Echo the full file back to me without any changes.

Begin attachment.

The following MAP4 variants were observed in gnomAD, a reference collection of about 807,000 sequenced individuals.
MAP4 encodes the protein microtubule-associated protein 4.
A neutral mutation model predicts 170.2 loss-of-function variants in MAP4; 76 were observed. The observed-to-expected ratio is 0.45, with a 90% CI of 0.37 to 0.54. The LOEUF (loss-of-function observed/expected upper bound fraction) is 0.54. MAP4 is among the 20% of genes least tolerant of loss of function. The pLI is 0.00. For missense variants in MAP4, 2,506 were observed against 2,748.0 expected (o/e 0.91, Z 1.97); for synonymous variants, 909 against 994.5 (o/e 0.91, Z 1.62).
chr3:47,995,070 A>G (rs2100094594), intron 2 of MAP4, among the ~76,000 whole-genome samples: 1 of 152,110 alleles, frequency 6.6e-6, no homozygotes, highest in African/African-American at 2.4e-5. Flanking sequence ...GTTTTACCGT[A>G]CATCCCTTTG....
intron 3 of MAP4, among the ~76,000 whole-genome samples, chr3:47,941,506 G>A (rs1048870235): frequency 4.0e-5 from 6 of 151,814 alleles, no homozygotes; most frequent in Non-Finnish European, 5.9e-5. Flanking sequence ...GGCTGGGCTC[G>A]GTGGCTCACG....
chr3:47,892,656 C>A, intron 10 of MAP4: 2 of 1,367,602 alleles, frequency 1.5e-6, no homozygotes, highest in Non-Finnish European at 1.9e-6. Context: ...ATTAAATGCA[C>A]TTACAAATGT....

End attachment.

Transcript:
The following MAP4 variants were observed in gnomAD, a reference collection of about 807,000 sequenced individuals.
MAP4 encodes the protein microtubule-associated protein 4.
A neutral mutation model predicts 170.2 loss-of-function variants in MAP4; 76 were observed. The observed-to-expected ratio is 0.45, with a 90% CI of 0.37 to 0.54. The LOEUF (loss-of-function observed/expected upper bound fraction) is 0.54. MAP4 is among the 20% of genes least tolerant of loss of function. The pLI is 0.00. For missense variants in MAP4, 2,506 were observed against 2,748.0 expected (o/e 0.91, Z 1.97); for synonymous variants, 909 against 994.5 (o/e 0.91, Z 1.62).
chr3:47,995,070 A>G (rs2100094594), intron 2 of MAP4, among the ~76,000 whole-genome samples: 1 of 152,110 alleles, frequency 6.6e-6, no homozygotes, highest in African/African-American at 2.4e-5. Flanking sequence ...GTTTTACCGT[A>G]CATCCCTTTG....
intron 3 of MAP4, among the ~76,000 whole-genome samples, chr3:47,941,506 G>A (rs1048870235): frequency 4.0e-5 from 6 of 151,814 alleles, no homozygotes; most frequent in Non-Finnish European, 5.9e-5. Flanking sequence ...GGCTGGGCTC[G>A]GTGGCTCACG....
chr3:47,892,656 C>A, intron 10 of MAP4: 2 of 1,367,602 alleles, frequency 1.5e-6, no homozygotes, highest in Non-Finnish European at 1.9e-6. Context: ...ATTAAATGCA[C>A]TTACAAATGT....